Nicotine and Brain Imaging Research Study
The aim of this study is to assess the impact of smoking on cortical GABA levels in males and females. Using magnetic resonance spectroscopy (MRS), we will examine the impact of sex and menstrual cycle phase on brain neurochemistry in healthy smokers and non-smokers. We hypothesize that female, but not male, smokers will have reduced cortical GABA levels compared to their non-smoking, sex-matched counterparts.
|Study Design:||Observational Model: Cohort
Time Perspective: Prospective
|Official Title:||Sex, GABA and Nicotine: A 1H-MRS Study|
- To estimate and compare the impact of smoking on cortical GABA levels in male and female smokers and non-smokers. [ Time Frame: 3-10 weeks ] [ Designated as safety issue: No ]Preliminary findings suggest that nicotine's effects on cortical GABA levels vary by sex with women experiencing the greatest smoking-induced alterations in cortical GABA levels. We hypothesize that female, but not male, smokers will have reduced cortical GABA levels compared to their non-smoking, sex-matched counterparts.
- To measure occipital cortex GABA concentrations in healthy female smokers across the menstrual cycle and to compare their GABA levels with those from a healthy female non-smoking control group. [ Time Frame: 8 weeks ] [ Designated as safety issue: No ]
- To determine the impact of 10-14 days of smoking abstinence on cortical GABA concentrations in female smokers. [ Time Frame: 10-14 days ] [ Designated as safety issue: No ]
Biospecimen Retention: Samples Without DNA
Whole blood, plasma, urine
|Study Start Date:||March 2010|
|Estimated Study Completion Date:||December 2013|
|Estimated Primary Completion Date:||June 2013 (Final data collection date for primary outcome measure)|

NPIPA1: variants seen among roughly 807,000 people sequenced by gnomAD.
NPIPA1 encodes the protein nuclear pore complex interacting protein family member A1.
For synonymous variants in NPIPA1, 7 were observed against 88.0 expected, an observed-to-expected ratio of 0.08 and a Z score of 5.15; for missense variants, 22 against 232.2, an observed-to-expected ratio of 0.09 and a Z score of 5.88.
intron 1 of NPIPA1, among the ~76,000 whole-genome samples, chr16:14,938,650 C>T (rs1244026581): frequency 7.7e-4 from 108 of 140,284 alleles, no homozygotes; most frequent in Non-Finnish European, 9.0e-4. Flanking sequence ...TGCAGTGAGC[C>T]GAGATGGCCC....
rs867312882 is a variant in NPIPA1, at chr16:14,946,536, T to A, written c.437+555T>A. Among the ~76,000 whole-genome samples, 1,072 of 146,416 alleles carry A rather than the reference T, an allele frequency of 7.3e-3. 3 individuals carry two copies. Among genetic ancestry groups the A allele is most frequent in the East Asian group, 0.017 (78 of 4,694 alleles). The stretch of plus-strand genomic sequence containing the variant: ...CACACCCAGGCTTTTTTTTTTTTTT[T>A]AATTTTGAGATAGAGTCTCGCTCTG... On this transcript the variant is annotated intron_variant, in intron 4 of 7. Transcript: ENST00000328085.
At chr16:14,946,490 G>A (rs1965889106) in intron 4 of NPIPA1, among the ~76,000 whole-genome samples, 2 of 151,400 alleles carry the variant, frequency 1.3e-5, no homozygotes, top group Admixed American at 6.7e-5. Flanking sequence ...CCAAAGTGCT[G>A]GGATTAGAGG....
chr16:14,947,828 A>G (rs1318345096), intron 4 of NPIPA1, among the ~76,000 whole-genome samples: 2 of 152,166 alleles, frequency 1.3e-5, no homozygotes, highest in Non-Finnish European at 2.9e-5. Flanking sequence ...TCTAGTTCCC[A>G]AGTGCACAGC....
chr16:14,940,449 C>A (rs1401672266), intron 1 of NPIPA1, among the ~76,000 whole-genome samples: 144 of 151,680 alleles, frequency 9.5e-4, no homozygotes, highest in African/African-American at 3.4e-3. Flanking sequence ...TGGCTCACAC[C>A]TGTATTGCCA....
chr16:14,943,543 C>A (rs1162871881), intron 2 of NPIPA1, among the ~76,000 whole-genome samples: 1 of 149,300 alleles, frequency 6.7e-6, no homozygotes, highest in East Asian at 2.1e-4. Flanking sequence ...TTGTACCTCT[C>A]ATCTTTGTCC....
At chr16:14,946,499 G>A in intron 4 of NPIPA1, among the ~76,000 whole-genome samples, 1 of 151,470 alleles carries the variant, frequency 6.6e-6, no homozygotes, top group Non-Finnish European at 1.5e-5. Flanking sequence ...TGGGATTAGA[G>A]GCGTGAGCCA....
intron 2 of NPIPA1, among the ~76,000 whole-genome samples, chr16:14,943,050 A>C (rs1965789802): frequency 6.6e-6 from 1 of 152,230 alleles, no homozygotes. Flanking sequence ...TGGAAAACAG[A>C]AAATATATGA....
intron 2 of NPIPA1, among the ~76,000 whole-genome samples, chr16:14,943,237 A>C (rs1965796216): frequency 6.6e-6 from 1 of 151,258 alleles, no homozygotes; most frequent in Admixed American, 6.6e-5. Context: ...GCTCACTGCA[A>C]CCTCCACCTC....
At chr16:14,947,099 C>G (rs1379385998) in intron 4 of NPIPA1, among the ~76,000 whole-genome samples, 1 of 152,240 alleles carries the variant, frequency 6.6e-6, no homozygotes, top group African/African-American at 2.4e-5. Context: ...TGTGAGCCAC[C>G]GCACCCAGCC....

Healthy females who smoke 10-30 cigarettes per day for the past 2 years and meet criteria for nicotine dependence.
Healthy females who do not currently smoke cigarettes.
Healthy males who smoke 10-30 cigarettes per day for the past 2 years and who meet criteria for nicotine dependence.
Healthy males who do not currently smoke cigarettes.
The purpose of this study is to measure and compare gamma-aminobutyric acid (GABA) levels in the occipital cortex of a group of healthy smoking and non-smoking women and men ages 18-50. We will recruit women with regular menstrual cycles so that we can assess premenstrual impact of smoking cessation in that population and compare GABA level concentrations across all groups. Although there are several note-worthy differences between male and females in regard to smoking behavior, ultimately none are as worrisome as the disparity in ability to quit smoking. While multiple explanations for why women are less successful in their abstinence attempts have been proffered, the observation that women are more likely to experience emergence of depressive symptoms during smoking cessation, a known risk factor for relapse, may be the most important contributor to this sex-specific recidivism. Several lines of evidence suggest that nicotine modulation of GABA may play an important role in this interplay between sex, depression, and smoking recidivism.
|Contact: Claudia Schinstine, M.A.||email@example.com|
|Contact: Sarah Conlinfirstname.lastname@example.org|
|United States, Pennsylvania|
|Penn Center for Women's Behavioral Wellness, University of Pennsylvania School of Medicine||Recruiting|
|Philadelphia, Pennsylvania, United States, 19104|
|Contact: Claudia Schinstine, M.A. 215-417-8839 email@example.com|
|Principal Investigator: C. Neill Epperson, M.D.|
|Principal Investigator:||C. Neill Epperson, M.D.||University of Pennsylvania|